Cell-accumulations such as these take place along the lines of frontier between mutually resistant areas. A somewhat different phenomenon occurs where one of two neighbouring cell aggregates has established sufficient dominance to invade the territory of its neighbour. Nowhere is this more easily observed than along the lines of frontier between the axial regions and the central visceral region in the human embryo. There the axial region is the dominant invader, and as it advances it rolls back the undifferentiated but still proliferating mesenchyme towards the mid-ventral line. This undifferentiated proliferating mass forms the lateral projection known as the Wolffian ridge (see fig. 3, marked by crosses). Throughout the whole region of the developing thoracic and abdominal walls, the undifferentiated mesenchyme of the ridge is forced on by the advancing margins of the segments towards the mid-ventral line, ultimately to form the linea alba and to help in the formation of the sternum.
This interpretation of the meaning of the Wolffian ridge is based partly on direct observation, partly on argument from analogy, and partly on the fact that the ridge does not exist in lower vertebrates.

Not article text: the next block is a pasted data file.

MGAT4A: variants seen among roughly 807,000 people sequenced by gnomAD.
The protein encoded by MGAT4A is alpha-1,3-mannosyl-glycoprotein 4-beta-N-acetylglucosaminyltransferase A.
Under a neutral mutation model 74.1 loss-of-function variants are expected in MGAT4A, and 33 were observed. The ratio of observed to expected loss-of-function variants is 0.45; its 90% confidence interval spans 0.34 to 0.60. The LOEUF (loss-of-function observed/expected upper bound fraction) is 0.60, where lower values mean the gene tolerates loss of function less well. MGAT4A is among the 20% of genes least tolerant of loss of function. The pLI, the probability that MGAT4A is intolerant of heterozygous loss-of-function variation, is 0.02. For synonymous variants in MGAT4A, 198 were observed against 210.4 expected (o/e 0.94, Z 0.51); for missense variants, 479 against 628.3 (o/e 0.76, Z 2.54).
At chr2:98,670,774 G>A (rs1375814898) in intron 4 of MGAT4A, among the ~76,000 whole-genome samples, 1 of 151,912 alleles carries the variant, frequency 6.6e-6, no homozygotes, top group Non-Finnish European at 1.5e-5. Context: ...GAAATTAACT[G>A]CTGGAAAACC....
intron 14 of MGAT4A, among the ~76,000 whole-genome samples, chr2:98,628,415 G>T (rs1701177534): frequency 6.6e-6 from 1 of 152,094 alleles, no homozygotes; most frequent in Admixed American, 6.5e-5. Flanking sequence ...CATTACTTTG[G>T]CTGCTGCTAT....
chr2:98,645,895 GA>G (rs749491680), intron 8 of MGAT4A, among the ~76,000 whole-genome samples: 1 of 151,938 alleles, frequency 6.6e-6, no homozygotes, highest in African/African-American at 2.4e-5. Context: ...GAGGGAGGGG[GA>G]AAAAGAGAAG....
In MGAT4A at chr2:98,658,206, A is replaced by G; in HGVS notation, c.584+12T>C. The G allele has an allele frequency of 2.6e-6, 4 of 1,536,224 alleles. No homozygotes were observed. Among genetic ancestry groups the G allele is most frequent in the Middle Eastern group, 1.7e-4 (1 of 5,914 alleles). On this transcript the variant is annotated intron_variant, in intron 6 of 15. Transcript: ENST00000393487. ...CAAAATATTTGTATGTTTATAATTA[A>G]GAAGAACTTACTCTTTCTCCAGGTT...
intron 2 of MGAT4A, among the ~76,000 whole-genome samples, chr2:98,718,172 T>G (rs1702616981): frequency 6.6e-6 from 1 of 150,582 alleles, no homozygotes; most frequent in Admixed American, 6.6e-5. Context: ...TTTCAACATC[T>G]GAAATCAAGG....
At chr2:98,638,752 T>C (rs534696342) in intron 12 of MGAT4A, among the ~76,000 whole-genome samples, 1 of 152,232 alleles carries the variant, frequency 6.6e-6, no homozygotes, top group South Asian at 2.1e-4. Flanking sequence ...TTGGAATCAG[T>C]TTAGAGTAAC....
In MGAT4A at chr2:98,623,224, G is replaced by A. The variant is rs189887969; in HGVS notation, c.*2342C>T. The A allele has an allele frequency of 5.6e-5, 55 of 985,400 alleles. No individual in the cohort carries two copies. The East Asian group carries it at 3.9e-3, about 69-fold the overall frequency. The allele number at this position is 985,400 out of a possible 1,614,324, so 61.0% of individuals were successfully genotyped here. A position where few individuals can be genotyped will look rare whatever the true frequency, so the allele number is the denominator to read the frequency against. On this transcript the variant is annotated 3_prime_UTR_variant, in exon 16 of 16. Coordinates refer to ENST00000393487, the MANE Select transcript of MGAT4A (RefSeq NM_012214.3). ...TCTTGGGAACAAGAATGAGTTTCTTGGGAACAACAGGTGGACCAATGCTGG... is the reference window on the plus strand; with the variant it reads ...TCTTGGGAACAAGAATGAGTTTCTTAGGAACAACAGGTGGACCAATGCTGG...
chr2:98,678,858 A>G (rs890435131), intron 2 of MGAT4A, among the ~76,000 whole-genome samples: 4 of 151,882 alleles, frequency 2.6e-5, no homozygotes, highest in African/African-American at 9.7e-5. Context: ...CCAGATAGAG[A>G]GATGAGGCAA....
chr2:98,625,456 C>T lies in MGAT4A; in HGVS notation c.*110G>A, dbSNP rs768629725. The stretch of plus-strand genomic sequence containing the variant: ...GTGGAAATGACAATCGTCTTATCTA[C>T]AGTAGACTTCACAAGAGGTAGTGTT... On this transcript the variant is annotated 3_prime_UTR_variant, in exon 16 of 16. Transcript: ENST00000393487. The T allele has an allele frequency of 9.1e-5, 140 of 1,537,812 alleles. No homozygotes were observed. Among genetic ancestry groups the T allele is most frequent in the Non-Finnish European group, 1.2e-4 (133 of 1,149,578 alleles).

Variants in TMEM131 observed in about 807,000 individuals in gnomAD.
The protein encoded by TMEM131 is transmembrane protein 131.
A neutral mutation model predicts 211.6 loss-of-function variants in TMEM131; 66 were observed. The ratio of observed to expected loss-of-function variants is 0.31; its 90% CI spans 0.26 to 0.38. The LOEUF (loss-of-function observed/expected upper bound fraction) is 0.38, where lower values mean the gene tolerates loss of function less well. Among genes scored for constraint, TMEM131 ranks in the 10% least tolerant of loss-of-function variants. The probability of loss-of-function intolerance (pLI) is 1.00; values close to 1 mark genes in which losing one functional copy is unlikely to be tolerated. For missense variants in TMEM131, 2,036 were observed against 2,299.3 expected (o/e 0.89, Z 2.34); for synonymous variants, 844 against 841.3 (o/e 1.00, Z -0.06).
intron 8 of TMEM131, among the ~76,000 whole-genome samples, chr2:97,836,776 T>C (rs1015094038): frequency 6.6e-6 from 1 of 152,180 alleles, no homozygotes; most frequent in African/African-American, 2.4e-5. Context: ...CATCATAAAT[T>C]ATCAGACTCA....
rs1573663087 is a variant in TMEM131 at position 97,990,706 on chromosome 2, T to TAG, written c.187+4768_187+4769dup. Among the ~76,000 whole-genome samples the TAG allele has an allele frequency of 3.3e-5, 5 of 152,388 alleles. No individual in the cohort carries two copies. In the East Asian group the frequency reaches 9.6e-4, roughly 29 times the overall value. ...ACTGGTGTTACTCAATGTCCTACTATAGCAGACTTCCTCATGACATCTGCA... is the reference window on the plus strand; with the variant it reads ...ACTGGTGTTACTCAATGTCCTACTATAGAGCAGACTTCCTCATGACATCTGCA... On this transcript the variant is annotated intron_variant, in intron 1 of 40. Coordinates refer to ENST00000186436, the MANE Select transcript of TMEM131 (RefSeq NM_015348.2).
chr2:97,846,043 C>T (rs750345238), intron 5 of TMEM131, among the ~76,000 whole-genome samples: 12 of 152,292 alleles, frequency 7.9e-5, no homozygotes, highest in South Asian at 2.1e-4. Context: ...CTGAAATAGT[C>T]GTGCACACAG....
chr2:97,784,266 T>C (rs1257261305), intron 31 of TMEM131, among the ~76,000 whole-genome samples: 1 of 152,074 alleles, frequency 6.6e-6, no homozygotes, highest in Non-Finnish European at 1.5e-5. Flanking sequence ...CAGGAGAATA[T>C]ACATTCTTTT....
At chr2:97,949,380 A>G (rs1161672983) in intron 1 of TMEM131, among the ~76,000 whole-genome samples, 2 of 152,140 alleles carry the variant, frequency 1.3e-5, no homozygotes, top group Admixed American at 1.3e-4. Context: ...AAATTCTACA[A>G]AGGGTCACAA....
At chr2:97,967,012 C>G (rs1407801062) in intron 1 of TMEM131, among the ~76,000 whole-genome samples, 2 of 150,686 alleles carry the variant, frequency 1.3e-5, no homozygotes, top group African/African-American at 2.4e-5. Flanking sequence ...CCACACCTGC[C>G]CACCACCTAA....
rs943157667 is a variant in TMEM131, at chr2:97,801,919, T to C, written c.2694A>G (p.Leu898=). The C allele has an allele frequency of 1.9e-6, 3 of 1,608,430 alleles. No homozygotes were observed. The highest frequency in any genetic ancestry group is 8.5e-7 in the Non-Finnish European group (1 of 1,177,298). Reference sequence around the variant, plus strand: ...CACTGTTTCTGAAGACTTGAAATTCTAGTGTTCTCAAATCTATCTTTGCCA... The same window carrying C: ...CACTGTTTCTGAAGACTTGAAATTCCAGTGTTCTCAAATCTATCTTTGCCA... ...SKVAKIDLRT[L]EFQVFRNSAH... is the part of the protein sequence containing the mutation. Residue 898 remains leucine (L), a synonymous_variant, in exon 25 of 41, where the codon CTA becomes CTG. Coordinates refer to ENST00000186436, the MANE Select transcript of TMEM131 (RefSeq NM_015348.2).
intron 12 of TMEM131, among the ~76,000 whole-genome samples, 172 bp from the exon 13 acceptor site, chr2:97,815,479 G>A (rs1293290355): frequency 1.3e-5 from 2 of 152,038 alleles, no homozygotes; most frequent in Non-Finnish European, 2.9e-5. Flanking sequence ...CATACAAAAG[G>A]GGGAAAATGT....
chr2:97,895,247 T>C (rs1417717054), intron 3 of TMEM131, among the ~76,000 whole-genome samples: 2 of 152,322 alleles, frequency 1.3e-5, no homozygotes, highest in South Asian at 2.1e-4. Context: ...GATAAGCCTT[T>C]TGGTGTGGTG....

As is shown below (para. 16), there is in axolotl a packing of cells along the lateral line which appears to foretell the coming of the Wolffian ridge. This packing affects the cells of the loose mesenchyme of the unsegmented belly wall for a short distance in advance of the growing edges of the segments, and has all the appearance of being mechanical in origin (see figs. 7, 8, and 9). The accumulation of mesenchyme affected in this way in axolotl is, however, small in comparison with the accumulation in the human embryo, and the reason suggested by transverse sections of embryos and larvee of lower vertebrates is that in them the unsegmented mesenchyme is so diffuse and contains so much fluid that in spite of the pressure to which it is subjected it is still well within its limits of compression. Further, the absence of the Wolffian ridge in lower vertebrates shows it to be a structure of no great phylogenetic age. It, therefore, is not a vestige of a lost structure (lateral fin) and it is not the rudiment of any adult structure. The reasonable assumption, therefore, is that it is a by-product of the developmental process which has not yet been seized upon by selection. These two points help to strengthen the interpretation of the meaning of the ridge adopted, more particularly as the mesenchyme of the human embryo possesses just that density which the corresponding tissue lacks in the lower vertebrates, and all that is required to transform the cell-accumulation of axolotl into the Wolffian ridge of man is a relatively incompressible mesenchyme.